This imbalance continued into the Cold War. With the US running a balance of payments deficit in the 1960s and increasingly unable to defend the dollar’s gold parity, the US sought to force adjustment costs onto western Europe and pressured the Bundesbank not to sell its dollar reserves. The US urged Germany to revalue the Deutschmark relative to gold, open its markets to US imports, and contribute more to collective defence. If these demands sound familiar, they should: the Trump Administration’s claim that Germany is a ‘currency manipulator’ and its demand that the EU accept more imports and raise defence spending to NATO’s 2 percent targets bear a striking similarity to US policy positions from over a half-century prior.

When these actions proved insufficient, the US displayed its trademark of withdrawing from any international arrangement it cannot dominate. After forcing the UK to declare a bank holiday and suspend the London Gold Pool in 1968, it ended the dollar’s convertibility to gold in 1971, and with it the Bretton Woods monetary system. In doing so, the US managed to force adjustment costs onto its allies while keeping the dollar at the centre of the world economy and relieving itself of balance of payments concerns. This pattern of behavior was not confined to the twentieth century. Indeed, a consistent feature of US policy both before and after the Cold War has been to use “its privileged position within [the] international order to serve its own particular ends”, as international relations scholar Michael Mastanduno observed in 2009.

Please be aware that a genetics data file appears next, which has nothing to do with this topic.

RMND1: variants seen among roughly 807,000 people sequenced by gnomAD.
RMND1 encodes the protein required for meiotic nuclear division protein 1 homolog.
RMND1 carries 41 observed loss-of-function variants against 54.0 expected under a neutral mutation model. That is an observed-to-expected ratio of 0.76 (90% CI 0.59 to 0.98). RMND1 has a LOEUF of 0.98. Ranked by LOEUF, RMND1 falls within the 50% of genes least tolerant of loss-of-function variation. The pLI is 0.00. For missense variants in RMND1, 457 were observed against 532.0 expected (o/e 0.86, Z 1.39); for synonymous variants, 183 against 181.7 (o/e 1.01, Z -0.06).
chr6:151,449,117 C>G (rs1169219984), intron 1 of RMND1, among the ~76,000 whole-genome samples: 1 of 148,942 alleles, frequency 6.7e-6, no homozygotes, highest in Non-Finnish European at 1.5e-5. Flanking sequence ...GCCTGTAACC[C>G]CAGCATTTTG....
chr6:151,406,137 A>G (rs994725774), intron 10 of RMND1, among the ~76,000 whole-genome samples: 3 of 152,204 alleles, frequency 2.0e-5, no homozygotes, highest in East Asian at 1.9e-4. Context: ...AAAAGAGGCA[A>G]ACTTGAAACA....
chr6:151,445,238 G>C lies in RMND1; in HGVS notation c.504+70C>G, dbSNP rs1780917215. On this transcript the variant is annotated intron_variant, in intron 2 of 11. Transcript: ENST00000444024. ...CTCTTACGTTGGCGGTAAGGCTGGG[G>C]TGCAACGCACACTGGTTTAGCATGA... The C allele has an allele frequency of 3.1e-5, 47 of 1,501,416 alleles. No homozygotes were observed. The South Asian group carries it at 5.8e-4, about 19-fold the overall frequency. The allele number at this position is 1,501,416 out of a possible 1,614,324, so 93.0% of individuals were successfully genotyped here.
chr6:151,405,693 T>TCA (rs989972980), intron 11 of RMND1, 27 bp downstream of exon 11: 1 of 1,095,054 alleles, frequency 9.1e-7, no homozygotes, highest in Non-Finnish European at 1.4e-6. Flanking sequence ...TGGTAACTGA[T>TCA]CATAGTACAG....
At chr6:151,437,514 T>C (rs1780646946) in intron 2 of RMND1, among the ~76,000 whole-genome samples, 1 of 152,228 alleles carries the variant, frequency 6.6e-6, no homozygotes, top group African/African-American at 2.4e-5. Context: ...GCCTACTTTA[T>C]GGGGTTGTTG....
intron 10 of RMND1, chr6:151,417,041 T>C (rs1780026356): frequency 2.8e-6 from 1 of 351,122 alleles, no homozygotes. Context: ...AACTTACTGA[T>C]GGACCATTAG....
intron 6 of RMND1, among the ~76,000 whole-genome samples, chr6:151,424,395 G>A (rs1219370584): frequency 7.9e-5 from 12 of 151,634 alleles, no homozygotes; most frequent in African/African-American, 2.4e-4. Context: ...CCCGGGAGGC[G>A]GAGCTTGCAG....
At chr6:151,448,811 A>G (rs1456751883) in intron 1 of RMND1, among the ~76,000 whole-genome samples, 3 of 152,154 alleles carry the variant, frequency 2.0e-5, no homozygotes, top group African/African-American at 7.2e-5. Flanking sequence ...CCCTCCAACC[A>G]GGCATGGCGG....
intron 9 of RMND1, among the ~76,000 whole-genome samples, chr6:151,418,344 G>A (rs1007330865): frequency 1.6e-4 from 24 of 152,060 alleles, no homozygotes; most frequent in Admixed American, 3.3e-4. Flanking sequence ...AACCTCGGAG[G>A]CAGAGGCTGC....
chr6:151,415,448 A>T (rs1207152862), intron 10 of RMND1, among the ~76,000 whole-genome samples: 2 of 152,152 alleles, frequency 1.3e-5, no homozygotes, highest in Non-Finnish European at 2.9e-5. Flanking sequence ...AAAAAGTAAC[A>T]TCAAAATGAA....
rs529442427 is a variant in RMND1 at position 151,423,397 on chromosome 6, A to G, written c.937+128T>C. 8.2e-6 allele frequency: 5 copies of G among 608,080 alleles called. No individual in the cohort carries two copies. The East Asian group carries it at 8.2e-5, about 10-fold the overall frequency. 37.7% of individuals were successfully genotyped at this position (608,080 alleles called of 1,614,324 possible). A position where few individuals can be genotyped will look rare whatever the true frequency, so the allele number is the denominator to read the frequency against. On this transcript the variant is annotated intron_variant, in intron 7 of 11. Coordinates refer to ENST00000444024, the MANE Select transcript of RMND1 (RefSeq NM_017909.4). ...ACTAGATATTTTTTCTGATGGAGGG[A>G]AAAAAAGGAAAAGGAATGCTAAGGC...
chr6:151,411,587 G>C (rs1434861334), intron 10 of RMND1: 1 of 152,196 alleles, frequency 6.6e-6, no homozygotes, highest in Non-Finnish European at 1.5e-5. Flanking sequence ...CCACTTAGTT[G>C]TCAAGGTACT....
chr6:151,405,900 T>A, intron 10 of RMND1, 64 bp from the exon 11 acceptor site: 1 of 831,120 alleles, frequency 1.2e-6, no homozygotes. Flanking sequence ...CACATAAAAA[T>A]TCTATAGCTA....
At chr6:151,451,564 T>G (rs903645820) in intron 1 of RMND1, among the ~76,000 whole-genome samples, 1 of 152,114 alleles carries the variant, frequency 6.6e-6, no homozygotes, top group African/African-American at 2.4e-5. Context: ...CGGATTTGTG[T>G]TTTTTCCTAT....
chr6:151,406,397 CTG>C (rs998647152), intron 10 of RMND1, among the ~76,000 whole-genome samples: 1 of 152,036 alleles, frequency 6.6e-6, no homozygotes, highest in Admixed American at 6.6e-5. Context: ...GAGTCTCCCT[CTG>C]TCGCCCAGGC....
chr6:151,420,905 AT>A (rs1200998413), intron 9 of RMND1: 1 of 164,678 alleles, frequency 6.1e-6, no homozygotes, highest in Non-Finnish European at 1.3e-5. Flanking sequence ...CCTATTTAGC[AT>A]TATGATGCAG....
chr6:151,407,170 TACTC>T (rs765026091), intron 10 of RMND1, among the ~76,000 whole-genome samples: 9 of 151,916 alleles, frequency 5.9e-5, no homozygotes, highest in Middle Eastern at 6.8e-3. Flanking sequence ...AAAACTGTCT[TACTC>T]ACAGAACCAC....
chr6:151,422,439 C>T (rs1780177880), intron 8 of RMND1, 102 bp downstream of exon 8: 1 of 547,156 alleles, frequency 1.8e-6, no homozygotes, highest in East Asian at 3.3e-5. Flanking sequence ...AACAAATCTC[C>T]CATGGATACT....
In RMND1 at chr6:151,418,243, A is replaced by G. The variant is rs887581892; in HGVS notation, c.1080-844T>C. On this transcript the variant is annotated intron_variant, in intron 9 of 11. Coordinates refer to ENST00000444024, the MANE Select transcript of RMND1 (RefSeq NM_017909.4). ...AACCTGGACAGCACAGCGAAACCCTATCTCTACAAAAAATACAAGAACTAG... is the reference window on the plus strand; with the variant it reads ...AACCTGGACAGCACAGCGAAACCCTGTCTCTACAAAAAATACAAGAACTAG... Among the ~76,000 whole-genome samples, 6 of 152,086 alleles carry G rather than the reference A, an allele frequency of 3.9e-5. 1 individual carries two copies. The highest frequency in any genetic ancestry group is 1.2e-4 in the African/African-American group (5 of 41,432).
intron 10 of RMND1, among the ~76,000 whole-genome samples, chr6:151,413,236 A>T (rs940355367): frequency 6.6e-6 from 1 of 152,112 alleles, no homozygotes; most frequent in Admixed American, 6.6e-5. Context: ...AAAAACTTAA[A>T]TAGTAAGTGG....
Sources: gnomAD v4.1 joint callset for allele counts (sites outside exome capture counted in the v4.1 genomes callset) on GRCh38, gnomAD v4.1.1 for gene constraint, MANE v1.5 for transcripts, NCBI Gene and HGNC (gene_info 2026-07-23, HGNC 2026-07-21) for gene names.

The post-Trump Outlook

In light of this century-long pattern of American behaviour, the actions of President Trump seem far less surprising. Trump’s rhetoric may be appalling to European leaders, but his tendency to issue demands to allies and withdraw from cooperation if they are not met is a time-honoured practise. As political economist Susan Strange noted in 1987, the US has never hesitated to spring “unilateralist surprises” on its partners across the Atlantic.

Although European leaders may be hopeful that a new US president will usher in a renewed age of transatlantic partnership, to wish for such cooperation is to long for a golden age of the transatlantic alliance that never truly existed. While the US and Europe have long been important partners, their relationship has always been lopsided, and America has consistently rejected binding agreements and treated its obligations as optional. No matter who the next occupant of the White House is, Europe would be wise to examine the United States’ past behaviour before getting too hopeful about what it might do in the future.

 

Edward Knudsen is Dahrendorf Research Associate based at the Hertie School of Governance.

The opinions expressed in this blog contribution are entirely those of the author and do not represent the positions of the Dahrendorf Forum or its hosts Hertie School of Governance and London School of Economics and Political Science or its funder Stiftung Mercator.